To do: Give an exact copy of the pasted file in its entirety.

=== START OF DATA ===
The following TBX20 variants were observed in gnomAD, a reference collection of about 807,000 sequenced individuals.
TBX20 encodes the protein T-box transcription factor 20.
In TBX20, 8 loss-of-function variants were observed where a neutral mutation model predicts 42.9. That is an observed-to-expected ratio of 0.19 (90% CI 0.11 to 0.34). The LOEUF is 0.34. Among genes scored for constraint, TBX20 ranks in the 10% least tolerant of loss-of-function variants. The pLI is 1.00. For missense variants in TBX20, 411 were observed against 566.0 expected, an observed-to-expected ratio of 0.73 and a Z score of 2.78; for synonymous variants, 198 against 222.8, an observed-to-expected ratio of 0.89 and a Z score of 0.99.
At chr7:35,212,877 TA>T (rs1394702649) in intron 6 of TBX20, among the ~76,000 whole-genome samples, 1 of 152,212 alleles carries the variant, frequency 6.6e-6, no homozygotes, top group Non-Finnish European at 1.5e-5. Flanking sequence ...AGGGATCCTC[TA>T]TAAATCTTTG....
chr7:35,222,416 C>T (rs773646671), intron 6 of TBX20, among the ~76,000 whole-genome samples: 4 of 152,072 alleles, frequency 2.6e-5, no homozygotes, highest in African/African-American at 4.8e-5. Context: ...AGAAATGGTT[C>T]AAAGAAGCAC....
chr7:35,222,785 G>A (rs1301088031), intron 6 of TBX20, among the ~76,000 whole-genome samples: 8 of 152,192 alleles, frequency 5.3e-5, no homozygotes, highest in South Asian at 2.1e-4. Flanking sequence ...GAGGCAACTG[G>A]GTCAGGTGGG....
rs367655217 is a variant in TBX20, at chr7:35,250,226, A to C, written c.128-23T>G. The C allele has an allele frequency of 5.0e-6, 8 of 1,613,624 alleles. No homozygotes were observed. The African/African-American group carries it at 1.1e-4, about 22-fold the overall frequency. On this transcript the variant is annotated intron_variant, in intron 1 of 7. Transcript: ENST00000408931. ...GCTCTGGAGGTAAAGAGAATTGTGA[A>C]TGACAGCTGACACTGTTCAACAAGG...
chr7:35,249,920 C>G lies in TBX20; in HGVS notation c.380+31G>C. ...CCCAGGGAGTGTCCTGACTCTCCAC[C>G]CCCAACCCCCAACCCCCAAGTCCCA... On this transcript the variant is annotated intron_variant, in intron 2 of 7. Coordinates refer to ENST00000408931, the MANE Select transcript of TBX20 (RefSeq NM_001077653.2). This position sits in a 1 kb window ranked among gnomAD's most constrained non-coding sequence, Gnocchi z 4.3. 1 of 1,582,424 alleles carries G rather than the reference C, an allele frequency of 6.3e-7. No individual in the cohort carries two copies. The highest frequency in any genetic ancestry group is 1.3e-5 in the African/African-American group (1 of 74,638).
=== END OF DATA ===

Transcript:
The following TBX20 variants were observed in gnomAD, a reference collection of about 807,000 sequenced individuals.
TBX20 encodes the protein T-box transcription factor 20.
In TBX20, 8 loss-of-function variants were observed where a neutral mutation model predicts 42.9. That is an observed-to-expected ratio of 0.19 (90% CI 0.11 to 0.34). The LOEUF is 0.34. Among genes scored for constraint, TBX20 ranks in the 10% least tolerant of loss-of-function variants. The pLI is 1.00. For missense variants in TBX20, 411 were observed against 566.0 expected, an observed-to-expected ratio of 0.73 and a Z score of 2.78; for synonymous variants, 198 against 222.8, an observed-to-expected ratio of 0.89 and a Z score of 0.99.
At chr7:35,212,877 TA>T (rs1394702649) in intron 6 of TBX20, among the ~76,000 whole-genome samples, 1 of 152,212 alleles carries the variant, frequency 6.6e-6, no homozygotes, top group Non-Finnish European at 1.5e-5. Flanking sequence ...AGGGATCCTC[TA>T]TAAATCTTTG....
chr7:35,222,416 C>T (rs773646671), intron 6 of TBX20, among the ~76,000 whole-genome samples: 4 of 152,072 alleles, frequency 2.6e-5, no homozygotes, highest in African/African-American at 4.8e-5. Context: ...AGAAATGGTT[C>T]AAAGAAGCAC....
chr7:35,222,785 G>A (rs1301088031), intron 6 of TBX20, among the ~76,000 whole-genome samples: 8 of 152,192 alleles, frequency 5.3e-5, no homozygotes, highest in South Asian at 2.1e-4. Flanking sequence ...GAGGCAACTG[G>A]GTCAGGTGGG....
rs367655217 is a variant in TBX20, at chr7:35,250,226, A to C, written c.128-23T>G. The C allele has an allele frequency of 5.0e-6, 8 of 1,613,624 alleles. No homozygotes were observed. The African/African-American group carries it at 1.1e-4, about 22-fold the overall frequency. On this transcript the variant is annotated intron_variant, in intron 1 of 7. Transcript: ENST00000408931. ...GCTCTGGAGGTAAAGAGAATTGTGA[A>C]TGACAGCTGACACTGTTCAACAAGG...
chr7:35,249,920 C>G lies in TBX20; in HGVS notation c.380+31G>C. ...CCCAGGGAGTGTCCTGACTCTCCAC[C>G]CCCAACCCCCAACCCCCAAGTCCCA... On this transcript the variant is annotated intron_variant, in intron 2 of 7. Coordinates refer to ENST00000408931, the MANE Select transcript of TBX20 (RefSeq NM_001077653.2). This position sits in a 1 kb window ranked among gnomAD's most constrained non-coding sequence, Gnocchi z 4.3. 1 of 1,582,424 alleles carries G rather than the reference C, an allele frequency of 6.3e-7. No individual in the cohort carries two copies. The highest frequency in any genetic ancestry group is 1.3e-5 in the African/African-American group (1 of 74,638).